Dawn French plays the Vicar of Dibley in the BBC’s comedy of the same name.
While Angela and I were in the UK, the Church of England announced its decision to allow gay men in civil partnerships to become bishops. (Those who don’t know about the Church of England, it’s a branch of Christianity that allows its clergy to have sex within the bounds of heterosexual marriage.) Interestingly, when we heard this news, we’d been reading for our forthcoming anthology, As the Bishop Said to the Actress, and while our submissions did contain many fun, humorous stories, we were also reading quite deep, dark subs that spoke to the problem of sexual shame.
One of the many downsides to the new decision is that, within their civil partnership, gay bishops would be required to still be celibate, while also repenting their past “sexual sins.” Gay marriage isn’t yet legal in the UK (though, frankly, it’s a waiting game), and the power tactics in this debate are abundantly clear: “If you’re heterosexual, you’re allowed to have sex in wedlock. If, however, you’re gay, we won’t let you get married and we want you to recognize that your past extra-marital sex was sinful.”
It’s a bully’s game.
But at least being a bishop is possible if you are gay.
Not if you’re a woman, however.
Yes, just hours before I started writing this post, proposals about the introduction of women bishops received a big “no” from the Church of England. In other words, a gay man can be trusted with a high church role. But a woman, of any sexual identity? Big, bad no. Isn’t it amazing how deep sexism can go?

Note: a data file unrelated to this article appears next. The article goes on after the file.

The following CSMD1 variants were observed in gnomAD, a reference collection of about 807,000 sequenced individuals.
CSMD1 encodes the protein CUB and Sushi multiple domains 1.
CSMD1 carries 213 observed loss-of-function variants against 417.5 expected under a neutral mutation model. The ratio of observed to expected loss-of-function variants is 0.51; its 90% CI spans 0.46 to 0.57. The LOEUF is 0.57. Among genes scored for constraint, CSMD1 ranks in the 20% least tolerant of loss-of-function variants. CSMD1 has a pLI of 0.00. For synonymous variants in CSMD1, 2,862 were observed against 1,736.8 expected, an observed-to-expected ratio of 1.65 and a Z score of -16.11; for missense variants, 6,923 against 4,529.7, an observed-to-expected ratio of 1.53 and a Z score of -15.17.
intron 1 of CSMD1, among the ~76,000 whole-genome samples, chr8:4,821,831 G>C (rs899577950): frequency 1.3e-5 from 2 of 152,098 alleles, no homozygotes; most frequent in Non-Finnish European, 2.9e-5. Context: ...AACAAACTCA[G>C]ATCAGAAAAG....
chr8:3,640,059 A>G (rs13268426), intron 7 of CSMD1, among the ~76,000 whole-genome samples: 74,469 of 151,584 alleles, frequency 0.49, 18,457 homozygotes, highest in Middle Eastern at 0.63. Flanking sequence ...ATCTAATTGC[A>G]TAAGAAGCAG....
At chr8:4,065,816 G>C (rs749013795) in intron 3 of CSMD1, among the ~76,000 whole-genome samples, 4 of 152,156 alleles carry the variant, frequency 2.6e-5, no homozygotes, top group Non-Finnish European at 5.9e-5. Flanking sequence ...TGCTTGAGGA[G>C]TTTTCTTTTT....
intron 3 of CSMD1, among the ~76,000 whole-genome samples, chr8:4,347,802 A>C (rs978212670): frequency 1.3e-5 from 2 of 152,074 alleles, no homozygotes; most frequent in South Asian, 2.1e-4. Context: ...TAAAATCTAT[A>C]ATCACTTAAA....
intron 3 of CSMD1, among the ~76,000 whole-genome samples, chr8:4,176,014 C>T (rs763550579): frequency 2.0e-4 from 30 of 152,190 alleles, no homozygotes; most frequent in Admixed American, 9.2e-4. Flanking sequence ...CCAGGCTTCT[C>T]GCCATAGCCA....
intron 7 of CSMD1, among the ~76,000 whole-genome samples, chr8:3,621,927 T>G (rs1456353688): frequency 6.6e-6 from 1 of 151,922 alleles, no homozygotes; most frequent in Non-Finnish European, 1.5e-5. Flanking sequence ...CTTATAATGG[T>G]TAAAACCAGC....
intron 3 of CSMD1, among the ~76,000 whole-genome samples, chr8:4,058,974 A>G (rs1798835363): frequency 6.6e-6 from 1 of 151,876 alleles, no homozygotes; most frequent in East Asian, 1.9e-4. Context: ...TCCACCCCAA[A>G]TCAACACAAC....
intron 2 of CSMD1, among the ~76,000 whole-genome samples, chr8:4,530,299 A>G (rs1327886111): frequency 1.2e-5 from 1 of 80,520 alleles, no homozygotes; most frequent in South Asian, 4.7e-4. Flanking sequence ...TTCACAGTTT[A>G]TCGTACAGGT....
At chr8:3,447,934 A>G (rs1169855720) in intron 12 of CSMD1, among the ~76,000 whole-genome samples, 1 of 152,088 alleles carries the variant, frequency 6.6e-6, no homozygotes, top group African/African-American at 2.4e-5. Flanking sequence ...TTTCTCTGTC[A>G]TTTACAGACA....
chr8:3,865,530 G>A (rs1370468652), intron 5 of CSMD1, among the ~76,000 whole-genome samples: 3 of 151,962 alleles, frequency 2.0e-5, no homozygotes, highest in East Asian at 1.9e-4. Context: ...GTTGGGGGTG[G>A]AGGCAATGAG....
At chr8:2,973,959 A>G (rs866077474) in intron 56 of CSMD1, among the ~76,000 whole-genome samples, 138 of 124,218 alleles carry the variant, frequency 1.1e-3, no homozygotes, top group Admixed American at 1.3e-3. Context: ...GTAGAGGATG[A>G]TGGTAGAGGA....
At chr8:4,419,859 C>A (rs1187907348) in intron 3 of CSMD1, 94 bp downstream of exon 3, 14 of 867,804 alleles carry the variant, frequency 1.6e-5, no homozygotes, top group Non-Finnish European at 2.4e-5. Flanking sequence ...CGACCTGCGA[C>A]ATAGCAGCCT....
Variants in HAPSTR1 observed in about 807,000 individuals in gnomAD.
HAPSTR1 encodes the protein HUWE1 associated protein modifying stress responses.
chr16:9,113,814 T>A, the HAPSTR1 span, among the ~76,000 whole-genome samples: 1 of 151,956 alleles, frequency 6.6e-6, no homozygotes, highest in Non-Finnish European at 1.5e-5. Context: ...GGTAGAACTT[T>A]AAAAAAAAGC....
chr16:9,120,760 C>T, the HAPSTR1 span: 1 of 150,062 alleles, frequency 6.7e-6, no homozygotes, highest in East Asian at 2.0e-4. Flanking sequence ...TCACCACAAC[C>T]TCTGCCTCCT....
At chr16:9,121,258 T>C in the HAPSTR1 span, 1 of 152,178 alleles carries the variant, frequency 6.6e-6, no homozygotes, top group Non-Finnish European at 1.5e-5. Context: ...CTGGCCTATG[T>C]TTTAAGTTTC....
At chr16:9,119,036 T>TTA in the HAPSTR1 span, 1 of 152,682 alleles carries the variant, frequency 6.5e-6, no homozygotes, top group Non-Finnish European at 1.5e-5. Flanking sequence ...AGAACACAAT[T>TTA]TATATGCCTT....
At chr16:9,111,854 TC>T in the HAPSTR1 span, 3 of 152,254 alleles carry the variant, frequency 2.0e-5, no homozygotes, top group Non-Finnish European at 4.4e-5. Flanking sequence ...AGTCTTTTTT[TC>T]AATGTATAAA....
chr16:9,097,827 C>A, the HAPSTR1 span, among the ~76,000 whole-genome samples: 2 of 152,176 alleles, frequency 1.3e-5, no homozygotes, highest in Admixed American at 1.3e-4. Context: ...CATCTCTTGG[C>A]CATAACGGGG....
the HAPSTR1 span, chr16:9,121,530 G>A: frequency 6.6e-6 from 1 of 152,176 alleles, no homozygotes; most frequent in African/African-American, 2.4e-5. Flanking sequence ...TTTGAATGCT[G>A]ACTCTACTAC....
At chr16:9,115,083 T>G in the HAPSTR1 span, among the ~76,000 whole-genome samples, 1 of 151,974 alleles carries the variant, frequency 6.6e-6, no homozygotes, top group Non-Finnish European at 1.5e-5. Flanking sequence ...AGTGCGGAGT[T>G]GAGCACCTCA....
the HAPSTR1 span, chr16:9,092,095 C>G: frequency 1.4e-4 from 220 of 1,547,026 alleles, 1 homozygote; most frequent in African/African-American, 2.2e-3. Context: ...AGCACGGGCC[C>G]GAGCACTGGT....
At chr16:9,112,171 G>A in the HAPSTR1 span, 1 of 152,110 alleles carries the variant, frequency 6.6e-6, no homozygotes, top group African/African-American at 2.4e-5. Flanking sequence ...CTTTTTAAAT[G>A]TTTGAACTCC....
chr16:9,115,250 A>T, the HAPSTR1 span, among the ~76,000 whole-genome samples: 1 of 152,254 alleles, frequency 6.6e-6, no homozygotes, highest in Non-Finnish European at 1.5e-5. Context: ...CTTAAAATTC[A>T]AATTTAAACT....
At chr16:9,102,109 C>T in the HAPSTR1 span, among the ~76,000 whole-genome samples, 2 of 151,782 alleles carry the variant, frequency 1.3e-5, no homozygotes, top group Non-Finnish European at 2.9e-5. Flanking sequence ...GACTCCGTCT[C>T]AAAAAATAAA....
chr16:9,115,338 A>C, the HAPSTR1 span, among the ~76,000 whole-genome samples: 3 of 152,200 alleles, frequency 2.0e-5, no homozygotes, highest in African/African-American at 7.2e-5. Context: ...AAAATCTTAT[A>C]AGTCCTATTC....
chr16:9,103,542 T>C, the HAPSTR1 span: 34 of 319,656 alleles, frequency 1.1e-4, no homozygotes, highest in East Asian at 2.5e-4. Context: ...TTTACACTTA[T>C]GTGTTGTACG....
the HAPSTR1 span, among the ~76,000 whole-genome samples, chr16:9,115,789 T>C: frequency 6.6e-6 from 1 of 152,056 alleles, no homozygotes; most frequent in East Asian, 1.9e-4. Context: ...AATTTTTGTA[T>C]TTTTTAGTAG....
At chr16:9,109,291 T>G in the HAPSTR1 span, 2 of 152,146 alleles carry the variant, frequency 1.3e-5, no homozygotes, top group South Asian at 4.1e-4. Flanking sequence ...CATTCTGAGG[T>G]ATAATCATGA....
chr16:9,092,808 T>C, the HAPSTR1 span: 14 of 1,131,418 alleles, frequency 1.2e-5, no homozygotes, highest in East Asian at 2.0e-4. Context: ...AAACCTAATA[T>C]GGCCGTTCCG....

Of course, one thing that comes to mind is this: With their emphasis on which body bits you own and what exactly you do with them, the Church of England is obsessed with genitalia, not to mention sex itself. Metaphorically speaking, the church is peering through everyone’s keyholes, ready to yelp if they see two cocks in the same place. I can’t think of anything more sex-obsessed than this, or as voyeuristic.
Thank God for Sister Margaret Farley’s book, “Just Love,” which sings the praises of masturbation. This brave writer-nun, who indeed understands that love is what matters above all else, is much-needed in the Church of England. At least, that’s my five cents on the matter. (Or tuppence, depending on where I am at the time.)
In the meantime, we look forward to releasing As the Bishop Said to the Actress — an erotic anthology that explores the burden of shame and the power of sexual liberation, especially when we’ve been told that sex is a sin.
By the way, have you ever seen the Vicar of Dibley? The BBC’s comedy stars a Church of England vicar, played by Dawn French. It’s certainly helped to turn around the notion that only men are vicars in the UK.